Email marketers have always faced the technological challenge of having to quickly adapting to the unknown, often in a matter of hours.
This week is one of those, where we find that Gmail has made changes to the way it handles images. At first, I can appreciate that this may sound insignificant, but it affects all of us.
In this blog post, I will try to demystify these changes for you.
New changes to email accounts at Yahoo have the potential to frustrate marketers and cause privacy concerns across the globe.
Privacy has never been so important to all of us, and invasion of privacy has never been feared as it is today.
Countless reports over the past few years around hacking and miss-use of data has reached the top of the news headlines, which makes Yahoo!'s recent move in releasing dormant email accounts, all the more puzzling.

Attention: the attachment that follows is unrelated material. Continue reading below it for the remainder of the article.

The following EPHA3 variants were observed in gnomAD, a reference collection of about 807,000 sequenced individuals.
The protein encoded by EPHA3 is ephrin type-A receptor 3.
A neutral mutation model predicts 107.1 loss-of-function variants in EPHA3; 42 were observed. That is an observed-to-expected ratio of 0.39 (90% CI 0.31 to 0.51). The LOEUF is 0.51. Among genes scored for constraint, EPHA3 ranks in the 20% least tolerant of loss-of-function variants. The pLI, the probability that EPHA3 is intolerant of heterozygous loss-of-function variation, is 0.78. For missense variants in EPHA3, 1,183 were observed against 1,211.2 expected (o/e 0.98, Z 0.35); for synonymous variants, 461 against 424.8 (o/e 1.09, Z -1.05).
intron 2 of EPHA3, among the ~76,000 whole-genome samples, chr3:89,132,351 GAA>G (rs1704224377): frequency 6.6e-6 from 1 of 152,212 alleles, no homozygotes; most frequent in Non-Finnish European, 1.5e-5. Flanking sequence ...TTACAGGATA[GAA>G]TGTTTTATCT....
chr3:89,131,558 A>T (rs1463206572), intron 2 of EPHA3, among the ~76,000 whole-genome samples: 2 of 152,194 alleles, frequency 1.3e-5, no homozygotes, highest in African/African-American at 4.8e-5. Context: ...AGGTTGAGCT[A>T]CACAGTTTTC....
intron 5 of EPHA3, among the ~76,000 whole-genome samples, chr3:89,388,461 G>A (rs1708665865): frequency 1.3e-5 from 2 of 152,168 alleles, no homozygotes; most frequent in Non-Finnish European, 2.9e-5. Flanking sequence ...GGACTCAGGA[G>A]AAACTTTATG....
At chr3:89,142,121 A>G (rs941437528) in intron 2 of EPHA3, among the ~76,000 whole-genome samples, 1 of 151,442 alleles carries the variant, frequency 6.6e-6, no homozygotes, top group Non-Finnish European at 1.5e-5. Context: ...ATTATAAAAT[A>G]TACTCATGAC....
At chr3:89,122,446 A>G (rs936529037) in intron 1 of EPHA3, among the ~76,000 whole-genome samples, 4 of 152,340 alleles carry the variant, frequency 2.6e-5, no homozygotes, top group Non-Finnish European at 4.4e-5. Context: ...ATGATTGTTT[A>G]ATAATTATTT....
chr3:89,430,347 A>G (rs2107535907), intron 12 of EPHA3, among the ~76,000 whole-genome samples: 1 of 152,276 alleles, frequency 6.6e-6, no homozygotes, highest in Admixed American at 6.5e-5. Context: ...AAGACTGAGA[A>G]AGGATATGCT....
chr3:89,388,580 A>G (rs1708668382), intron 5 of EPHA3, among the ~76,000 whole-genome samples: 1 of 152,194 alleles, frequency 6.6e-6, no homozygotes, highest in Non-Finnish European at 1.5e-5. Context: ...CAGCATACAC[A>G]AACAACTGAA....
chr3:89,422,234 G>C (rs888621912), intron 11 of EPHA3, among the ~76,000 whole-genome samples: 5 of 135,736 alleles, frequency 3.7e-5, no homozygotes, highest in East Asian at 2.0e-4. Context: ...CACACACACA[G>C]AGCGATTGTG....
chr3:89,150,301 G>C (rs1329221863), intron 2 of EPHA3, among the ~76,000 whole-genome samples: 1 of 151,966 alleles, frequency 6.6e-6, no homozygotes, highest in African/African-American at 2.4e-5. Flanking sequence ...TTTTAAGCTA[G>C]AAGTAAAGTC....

Over the past 12 months, a lot has been said of email becoming a one-to-one channel, with many industry evangelists crying out to marketers to start segmenting a little more, and claiming that spray and pray senders will be perceived as nothing more than spam.
But did we manage to successfully communicate the severity of the situation and the benefits of change, as an industry? I’m not so sure we did, and Groupon is a prime example of a brand that would greatly benefit from this.
It has the most extensive loyalty scheme and probably the biggest database in the UK. The company is not short of cash either, as it accounts for something like one in every seven pounds spent
in the UK.
So Tesco must have the clout to talk to their customers relevantly as individuals through email...surely?
Whilst websites adapt every day to be as accessible and usable as
possible, email hasn’t quite benefited from the same level of attention
in this area. Instead, marketers have frequently chosen to ignore these
developments in all other areas online and continue to do things the way
they always have.
Email as a marketing channel is being creatively
abused like no other, and it is time for change.